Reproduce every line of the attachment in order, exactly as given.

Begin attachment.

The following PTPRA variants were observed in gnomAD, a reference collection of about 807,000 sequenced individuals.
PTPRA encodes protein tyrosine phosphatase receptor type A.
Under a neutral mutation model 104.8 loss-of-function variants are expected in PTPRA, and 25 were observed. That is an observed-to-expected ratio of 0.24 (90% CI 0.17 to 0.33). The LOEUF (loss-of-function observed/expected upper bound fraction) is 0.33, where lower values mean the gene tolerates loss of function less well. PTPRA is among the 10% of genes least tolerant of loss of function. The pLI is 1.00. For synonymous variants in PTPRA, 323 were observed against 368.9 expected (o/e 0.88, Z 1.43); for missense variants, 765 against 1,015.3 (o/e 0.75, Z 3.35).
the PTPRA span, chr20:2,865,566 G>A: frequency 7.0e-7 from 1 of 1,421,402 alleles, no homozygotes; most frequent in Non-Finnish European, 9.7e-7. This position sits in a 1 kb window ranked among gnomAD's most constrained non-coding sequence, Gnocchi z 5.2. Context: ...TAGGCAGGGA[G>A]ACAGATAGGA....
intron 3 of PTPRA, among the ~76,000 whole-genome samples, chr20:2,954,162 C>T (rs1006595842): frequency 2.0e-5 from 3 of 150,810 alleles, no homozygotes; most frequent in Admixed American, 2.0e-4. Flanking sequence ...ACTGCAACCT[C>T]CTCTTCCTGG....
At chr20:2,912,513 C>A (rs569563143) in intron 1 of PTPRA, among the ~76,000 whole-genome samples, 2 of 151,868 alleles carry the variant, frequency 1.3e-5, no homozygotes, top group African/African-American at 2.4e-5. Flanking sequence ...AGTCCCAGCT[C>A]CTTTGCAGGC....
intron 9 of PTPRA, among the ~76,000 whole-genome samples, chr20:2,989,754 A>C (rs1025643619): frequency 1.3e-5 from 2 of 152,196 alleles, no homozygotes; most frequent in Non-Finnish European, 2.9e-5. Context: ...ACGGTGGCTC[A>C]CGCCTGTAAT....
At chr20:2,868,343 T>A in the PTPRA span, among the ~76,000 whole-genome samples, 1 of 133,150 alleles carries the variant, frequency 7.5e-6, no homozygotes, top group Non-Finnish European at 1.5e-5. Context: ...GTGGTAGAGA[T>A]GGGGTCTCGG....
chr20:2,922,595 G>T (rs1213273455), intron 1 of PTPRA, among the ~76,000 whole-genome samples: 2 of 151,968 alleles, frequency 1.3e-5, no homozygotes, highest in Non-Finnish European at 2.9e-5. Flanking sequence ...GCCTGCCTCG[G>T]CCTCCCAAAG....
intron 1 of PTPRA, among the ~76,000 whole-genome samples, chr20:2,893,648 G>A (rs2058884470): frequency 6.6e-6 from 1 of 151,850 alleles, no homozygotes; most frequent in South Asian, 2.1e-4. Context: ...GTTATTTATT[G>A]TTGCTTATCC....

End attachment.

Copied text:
The following PTPRA variants were observed in gnomAD, a reference collection of about 807,000 sequenced individuals.
PTPRA encodes protein tyrosine phosphatase receptor type A.
Under a neutral mutation model 104.8 loss-of-function variants are expected in PTPRA, and 25 were observed. That is an observed-to-expected ratio of 0.24 (90% CI 0.17 to 0.33). The LOEUF (loss-of-function observed/expected upper bound fraction) is 0.33, where lower values mean the gene tolerates loss of function less well. PTPRA is among the 10% of genes least tolerant of loss of function. The pLI is 1.00. For synonymous variants in PTPRA, 323 were observed against 368.9 expected (o/e 0.88, Z 1.43); for missense variants, 765 against 1,015.3 (o/e 0.75, Z 3.35).
the PTPRA span, chr20:2,865,566 G>A: frequency 7.0e-7 from 1 of 1,421,402 alleles, no homozygotes; most frequent in Non-Finnish European, 9.7e-7. This position sits in a 1 kb window ranked among gnomAD's most constrained non-coding sequence, Gnocchi z 5.2. Context: ...TAGGCAGGGA[G>A]ACAGATAGGA....
intron 3 of PTPRA, among the ~76,000 whole-genome samples, chr20:2,954,162 C>T (rs1006595842): frequency 2.0e-5 from 3 of 150,810 alleles, no homozygotes; most frequent in Admixed American, 2.0e-4. Flanking sequence ...ACTGCAACCT[C>T]CTCTTCCTGG....
At chr20:2,912,513 C>A (rs569563143) in intron 1 of PTPRA, among the ~76,000 whole-genome samples, 2 of 151,868 alleles carry the variant, frequency 1.3e-5, no homozygotes, top group African/African-American at 2.4e-5. Flanking sequence ...AGTCCCAGCT[C>A]CTTTGCAGGC....
intron 9 of PTPRA, among the ~76,000 whole-genome samples, chr20:2,989,754 A>C (rs1025643619): frequency 1.3e-5 from 2 of 152,196 alleles, no homozygotes; most frequent in Non-Finnish European, 2.9e-5. Context: ...ACGGTGGCTC[A>C]CGCCTGTAAT....
At chr20:2,868,343 T>A in the PTPRA span, among the ~76,000 whole-genome samples, 1 of 133,150 alleles carries the variant, frequency 7.5e-6, no homozygotes, top group Non-Finnish European at 1.5e-5. Context: ...GTGGTAGAGA[T>A]GGGGTCTCGG....
chr20:2,922,595 G>T (rs1213273455), intron 1 of PTPRA, among the ~76,000 whole-genome samples: 2 of 151,968 alleles, frequency 1.3e-5, no homozygotes, highest in Non-Finnish European at 2.9e-5. Flanking sequence ...GCCTGCCTCG[G>T]CCTCCCAAAG....
intron 1 of PTPRA, among the ~76,000 whole-genome samples, chr20:2,893,648 G>A (rs2058884470): frequency 6.6e-6 from 1 of 151,850 alleles, no homozygotes; most frequent in South Asian, 2.1e-4. Context: ...GTTATTTATT[G>A]TTGCTTATCC....